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Police impersonation is an act of falsely portraying oneself as a member of the police, for the purpose of deception. In the vast majority of countries, the practice is illegal and carries a custodial sentence.
Impersonating a police officer is sometimes committed in order to assert police-like authority in order to commit a crime. Posing as a police officer enables the offender to legitimize the appearance of an illegal act, such as: burglary, making a traffic stop, or detaining a citizen without resistance.
Dressing up as a police officer in costume (e.g. for Halloween), or pretending to be a police officer for the entertainment purposes or a harmless prank toward an acquaintance is generally not considered a crime, provided that those involved recognize the imposter is not a real police officer, and the imposter is not trying to deceive those involved into thinking they are. Nevertheless, replica police uniforms sold in the UK must not be identical to the uniforms currently used by the police, and traders have been jailed in the past for selling on genuine uniforms
The following impersonations class as the offence:
- Verbal identification: The imposter announces to the unsuspecting victim that they are a police officer or other law enforcement agent.
- Fake Badge or Warrant card: The imposter, though not in any special clothes, displays a police-like badge or identification card to the victim. Sometimes, even a real police officer will not even be able to differentiate between the real and fake badge, as some duplicates are very similar to a real badge, if not identical to one. This is much more of a problem in the USA than in the UK, as in the UK, police identification includes photographic ID as well as the police shield, whereas in the US, a police shield alone counts as ID, making it easier for people to pretend to be police officers.
- Fake uniform: The imposter wears a uniform that looks very much like that of a police officer.
- Fake vehicle: The imposter places police lights (these can be either permanently mounted onto the car or temporary lights magnetically attached to the cartop), decals, siren, or other equipment on a personal vehicle to disguise it as a police car and enable the offender to pass through red traffic lights, bypass traffic other non-emergency traffic would have to wait for, make traffic stops, or even arrests.
Much of the equipment described above is available for purchase by the general public, thereby enabling imposters to obtain the necessary materials to commit such a crime. While the equipment will not bear the name of a specific law enforcement agency, the unsuspecting victim may not notice the difference.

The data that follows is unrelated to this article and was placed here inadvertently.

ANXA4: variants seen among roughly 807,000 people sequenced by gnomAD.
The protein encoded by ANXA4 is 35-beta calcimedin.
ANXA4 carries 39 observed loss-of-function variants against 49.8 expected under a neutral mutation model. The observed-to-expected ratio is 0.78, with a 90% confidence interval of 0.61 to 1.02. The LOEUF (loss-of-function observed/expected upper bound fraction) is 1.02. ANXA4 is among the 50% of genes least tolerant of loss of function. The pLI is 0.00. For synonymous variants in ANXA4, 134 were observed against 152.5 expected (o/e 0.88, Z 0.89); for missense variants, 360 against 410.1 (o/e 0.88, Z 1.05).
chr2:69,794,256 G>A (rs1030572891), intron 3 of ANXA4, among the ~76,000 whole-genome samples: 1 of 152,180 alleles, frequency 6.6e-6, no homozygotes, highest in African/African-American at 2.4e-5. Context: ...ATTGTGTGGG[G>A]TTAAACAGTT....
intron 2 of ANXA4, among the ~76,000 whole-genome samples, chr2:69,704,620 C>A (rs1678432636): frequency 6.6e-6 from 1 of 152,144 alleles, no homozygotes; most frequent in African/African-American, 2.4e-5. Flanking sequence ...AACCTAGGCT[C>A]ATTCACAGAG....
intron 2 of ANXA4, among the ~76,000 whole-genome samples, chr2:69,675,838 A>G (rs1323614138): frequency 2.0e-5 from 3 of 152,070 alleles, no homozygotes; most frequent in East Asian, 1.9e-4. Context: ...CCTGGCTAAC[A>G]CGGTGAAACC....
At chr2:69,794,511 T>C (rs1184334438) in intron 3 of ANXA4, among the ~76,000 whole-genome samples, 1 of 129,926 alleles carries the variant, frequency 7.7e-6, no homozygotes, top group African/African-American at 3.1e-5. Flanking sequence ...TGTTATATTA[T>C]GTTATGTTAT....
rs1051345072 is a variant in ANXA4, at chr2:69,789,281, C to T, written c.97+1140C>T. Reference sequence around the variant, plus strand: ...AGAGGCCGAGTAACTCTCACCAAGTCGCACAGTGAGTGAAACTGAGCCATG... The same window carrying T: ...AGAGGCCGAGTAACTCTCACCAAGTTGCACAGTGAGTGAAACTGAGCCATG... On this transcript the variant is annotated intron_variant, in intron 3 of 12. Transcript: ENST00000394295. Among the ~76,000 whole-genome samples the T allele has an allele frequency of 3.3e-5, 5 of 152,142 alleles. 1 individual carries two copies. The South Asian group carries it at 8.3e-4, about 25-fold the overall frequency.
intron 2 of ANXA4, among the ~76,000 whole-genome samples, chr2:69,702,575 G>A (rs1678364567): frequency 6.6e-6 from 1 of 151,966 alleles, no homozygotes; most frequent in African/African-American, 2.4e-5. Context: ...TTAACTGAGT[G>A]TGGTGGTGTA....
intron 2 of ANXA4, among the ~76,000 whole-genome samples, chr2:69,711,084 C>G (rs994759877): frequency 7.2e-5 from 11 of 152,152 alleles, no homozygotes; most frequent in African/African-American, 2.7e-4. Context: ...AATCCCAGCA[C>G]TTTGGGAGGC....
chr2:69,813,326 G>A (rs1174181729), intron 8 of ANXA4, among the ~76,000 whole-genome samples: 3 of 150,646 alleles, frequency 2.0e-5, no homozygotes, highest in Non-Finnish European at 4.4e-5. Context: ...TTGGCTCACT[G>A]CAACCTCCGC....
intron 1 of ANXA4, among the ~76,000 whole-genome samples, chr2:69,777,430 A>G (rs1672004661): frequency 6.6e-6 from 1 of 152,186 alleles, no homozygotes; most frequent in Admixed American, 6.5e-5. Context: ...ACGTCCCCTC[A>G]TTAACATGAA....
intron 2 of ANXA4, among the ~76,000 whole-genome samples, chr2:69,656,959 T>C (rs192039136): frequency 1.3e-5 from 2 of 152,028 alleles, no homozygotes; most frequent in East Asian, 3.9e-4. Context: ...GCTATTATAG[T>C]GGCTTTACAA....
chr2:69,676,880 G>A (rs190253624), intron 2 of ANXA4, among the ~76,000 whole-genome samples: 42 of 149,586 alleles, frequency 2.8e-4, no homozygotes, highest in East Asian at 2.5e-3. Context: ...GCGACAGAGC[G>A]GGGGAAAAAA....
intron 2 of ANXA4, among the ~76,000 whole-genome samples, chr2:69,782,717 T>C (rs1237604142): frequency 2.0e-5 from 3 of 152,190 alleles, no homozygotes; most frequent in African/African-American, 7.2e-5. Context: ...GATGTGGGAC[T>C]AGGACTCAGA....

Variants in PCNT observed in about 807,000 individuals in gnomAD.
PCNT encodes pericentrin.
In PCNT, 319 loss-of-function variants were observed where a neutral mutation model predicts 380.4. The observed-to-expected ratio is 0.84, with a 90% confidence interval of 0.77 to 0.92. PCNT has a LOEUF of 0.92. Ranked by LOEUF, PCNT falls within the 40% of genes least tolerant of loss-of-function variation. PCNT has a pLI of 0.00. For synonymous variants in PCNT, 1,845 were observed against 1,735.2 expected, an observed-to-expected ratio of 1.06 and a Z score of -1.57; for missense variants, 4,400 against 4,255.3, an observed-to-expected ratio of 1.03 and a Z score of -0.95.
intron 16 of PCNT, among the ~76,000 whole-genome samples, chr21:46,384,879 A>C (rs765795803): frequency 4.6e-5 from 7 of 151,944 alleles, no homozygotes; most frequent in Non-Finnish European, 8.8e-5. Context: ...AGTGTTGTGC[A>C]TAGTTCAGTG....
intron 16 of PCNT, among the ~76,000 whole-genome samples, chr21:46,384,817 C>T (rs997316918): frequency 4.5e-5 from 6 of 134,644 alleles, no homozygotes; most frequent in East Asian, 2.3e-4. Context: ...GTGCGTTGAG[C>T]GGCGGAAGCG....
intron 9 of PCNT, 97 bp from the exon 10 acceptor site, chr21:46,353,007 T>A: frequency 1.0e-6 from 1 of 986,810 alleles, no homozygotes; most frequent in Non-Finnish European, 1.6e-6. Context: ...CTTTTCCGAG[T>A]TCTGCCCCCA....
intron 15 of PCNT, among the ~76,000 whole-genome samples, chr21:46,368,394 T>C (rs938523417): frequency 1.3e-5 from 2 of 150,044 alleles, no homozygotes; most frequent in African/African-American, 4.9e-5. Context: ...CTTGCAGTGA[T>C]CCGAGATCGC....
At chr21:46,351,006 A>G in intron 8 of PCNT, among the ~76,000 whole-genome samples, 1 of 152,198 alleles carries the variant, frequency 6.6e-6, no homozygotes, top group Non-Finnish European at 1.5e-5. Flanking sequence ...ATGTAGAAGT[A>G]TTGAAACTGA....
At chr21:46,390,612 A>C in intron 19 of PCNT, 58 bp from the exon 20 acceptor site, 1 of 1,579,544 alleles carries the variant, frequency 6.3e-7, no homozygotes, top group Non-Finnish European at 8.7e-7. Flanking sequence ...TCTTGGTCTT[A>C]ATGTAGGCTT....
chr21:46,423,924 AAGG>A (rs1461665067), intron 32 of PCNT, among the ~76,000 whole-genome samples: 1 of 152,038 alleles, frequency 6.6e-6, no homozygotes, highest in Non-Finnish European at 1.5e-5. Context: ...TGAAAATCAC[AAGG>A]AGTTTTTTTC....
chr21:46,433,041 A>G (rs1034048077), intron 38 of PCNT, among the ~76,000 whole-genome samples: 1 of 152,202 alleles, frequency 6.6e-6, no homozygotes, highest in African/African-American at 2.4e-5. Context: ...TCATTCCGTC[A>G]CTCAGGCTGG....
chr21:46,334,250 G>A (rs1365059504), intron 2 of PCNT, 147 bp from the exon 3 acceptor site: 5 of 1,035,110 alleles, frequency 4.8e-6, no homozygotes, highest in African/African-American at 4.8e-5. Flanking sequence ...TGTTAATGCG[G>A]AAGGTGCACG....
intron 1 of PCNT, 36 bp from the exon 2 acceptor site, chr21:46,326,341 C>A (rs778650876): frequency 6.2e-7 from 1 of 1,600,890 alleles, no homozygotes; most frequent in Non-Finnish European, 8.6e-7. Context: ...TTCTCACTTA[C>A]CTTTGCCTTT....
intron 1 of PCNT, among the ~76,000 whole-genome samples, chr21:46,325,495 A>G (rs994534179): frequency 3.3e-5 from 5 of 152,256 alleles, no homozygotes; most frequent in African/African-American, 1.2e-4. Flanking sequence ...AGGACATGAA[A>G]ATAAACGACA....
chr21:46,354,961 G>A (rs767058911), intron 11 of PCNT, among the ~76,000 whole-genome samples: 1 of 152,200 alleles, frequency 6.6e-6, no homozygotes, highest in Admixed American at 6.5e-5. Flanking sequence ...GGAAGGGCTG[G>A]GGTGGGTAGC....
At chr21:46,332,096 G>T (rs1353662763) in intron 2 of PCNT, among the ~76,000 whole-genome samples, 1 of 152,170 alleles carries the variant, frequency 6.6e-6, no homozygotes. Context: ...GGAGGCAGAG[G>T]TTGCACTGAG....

Some of the following crimes have been committed while impersonating a police officer:
- Home invasion, by gaining entry under the guise of a police officer, followed by theft from the premises, rape, torture, or in rare cases, murder.
- Theft and motor vehicle theft - approaching a victim, explaining that an item or a vehicle is stolen. The impersonator will then seize the "evidence" and never return it.
- Armed robbery, following a traffic stop
- Kidnapping following a traffic stop or false arrest
- Fake authority, in which the officer attempts to extort money from the victim, claiming it is a fine, or can be paid on the spot to avoid further legal consequences.
- Prank phone calls and other fraudulent / deceptive electronic communications, where one might make a comment about a group that invites retaliation.
The 2014 American film Let's Be Cops features the main characters pretending to be police officers. A popular webseries Dick Figures aired an episode called 'We're Cops' featured 'red' and 'blue' rob a bank dressed as a police officer. The 1991 James Cameron film Terminator 2: Judgment Day features Robert Patrick as a T-1000 who impersonates a Los Angeles police officer in order to find and kill John Connor. It's Always Sunny in Philadelphia episode “Bums: Making a Mess All Over the City”, Frank buys a decommissioned police cruiser and dresses as a cop with Dennis. They use their new status to receive free hotdogs and harass citizen by taking their money and possession. Another example is the 1980 film featuring Dan Aykroyd The Blues Brothers (film) in which the Blues Brothers purchase an ex cop car Dodge Monaco In describing the car to his brother Jake Blues, Elwood says, "It's got a cop motor, a 440-cubic-inch plant. It's got cop tires, cop suspension, cop shocks. It's a model made before catalytic converters so it'll run good on regular gas."